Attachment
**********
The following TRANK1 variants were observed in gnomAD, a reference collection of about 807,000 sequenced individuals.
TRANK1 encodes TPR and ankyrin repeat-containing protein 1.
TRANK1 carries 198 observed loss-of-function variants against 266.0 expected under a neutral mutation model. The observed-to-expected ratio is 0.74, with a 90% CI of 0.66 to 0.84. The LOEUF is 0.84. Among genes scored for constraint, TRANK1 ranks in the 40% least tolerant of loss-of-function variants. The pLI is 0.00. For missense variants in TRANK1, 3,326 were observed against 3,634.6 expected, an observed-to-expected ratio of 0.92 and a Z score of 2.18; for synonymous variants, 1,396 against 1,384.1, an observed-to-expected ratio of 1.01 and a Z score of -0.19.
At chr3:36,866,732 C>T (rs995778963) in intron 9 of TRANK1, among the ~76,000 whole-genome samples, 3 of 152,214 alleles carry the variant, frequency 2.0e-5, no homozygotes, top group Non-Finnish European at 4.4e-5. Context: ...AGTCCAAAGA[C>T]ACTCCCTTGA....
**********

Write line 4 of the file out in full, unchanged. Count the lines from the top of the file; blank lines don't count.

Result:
At chr3:36,866,732 C>T (rs995778963) in intron 9 of TRANK1, among the ~76,000 whole-genome samples, 3 of 152,214 alleles carry the variant, frequency 2.0e-5, no homozygotes, top group Non-Finnish European at 4.4e-5. Context: ...AGTCCAAAGA[C>T]ACTCCCTTGA....